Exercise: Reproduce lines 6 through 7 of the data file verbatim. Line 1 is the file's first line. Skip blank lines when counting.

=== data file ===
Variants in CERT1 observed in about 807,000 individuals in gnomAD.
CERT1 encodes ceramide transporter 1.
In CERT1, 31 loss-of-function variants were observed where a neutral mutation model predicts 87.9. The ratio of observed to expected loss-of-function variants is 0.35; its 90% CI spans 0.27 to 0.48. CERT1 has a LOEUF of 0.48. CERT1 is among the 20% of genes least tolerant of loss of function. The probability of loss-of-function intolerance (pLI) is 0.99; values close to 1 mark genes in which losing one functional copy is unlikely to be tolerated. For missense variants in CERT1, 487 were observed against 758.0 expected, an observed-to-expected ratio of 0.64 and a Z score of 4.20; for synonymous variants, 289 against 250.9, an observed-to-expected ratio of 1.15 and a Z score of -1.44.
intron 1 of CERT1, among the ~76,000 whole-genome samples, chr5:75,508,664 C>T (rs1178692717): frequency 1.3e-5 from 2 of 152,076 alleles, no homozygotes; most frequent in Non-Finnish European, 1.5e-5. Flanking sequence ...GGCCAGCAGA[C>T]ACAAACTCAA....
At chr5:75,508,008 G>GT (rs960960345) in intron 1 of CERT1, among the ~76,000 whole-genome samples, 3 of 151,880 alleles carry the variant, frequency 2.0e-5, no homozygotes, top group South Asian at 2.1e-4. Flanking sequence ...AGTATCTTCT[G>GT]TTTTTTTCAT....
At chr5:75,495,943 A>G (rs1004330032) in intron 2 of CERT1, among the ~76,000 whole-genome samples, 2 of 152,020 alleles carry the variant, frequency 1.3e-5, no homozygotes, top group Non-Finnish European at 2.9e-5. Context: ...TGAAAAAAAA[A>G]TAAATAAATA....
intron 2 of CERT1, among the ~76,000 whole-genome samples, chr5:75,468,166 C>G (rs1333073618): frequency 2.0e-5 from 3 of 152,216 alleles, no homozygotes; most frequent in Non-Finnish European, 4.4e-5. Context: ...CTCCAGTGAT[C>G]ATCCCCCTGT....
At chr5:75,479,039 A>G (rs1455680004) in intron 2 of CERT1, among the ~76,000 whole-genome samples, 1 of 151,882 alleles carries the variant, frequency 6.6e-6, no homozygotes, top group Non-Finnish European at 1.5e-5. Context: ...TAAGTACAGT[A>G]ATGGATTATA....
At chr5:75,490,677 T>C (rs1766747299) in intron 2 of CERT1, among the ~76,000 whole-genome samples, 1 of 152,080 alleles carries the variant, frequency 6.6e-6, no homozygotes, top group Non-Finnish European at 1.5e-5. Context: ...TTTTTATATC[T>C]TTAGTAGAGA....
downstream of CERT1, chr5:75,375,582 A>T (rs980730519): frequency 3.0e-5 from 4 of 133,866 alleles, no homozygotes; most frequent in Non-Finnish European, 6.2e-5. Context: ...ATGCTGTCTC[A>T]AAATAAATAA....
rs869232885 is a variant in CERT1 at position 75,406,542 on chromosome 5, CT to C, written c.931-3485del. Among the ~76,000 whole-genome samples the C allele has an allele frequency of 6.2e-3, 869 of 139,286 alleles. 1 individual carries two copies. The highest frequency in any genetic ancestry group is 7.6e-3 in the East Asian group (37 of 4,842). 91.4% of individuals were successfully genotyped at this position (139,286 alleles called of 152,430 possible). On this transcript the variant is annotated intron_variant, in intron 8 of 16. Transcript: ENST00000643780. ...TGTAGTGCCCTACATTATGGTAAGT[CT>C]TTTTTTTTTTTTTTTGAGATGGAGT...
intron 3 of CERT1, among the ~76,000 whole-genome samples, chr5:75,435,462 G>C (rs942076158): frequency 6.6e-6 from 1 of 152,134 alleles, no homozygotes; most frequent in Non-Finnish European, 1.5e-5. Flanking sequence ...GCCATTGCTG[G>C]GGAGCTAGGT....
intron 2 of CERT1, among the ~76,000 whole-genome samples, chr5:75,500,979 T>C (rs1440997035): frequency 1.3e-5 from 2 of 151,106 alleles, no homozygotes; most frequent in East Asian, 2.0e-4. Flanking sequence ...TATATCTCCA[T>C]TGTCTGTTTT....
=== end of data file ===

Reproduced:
At chr5:75,495,943 A>G (rs1004330032) in intron 2 of CERT1, among the ~76,000 whole-genome samples, 2 of 152,020 alleles carry the variant, frequency 1.3e-5, no homozygotes, top group Non-Finnish European at 2.9e-5. Context: ...TGAAAAAAAA[A>G]TAAATAAATA....
intron 2 of CERT1, among the ~76,000 whole-genome samples, chr5:75,468,166 C>G (rs1333073618): frequency 2.0e-5 from 3 of 152,216 alleles, no homozygotes; most frequent in Non-Finnish European, 4.4e-5. Context: ...CTCCAGTGAT[C>G]ATCCCCCTGT....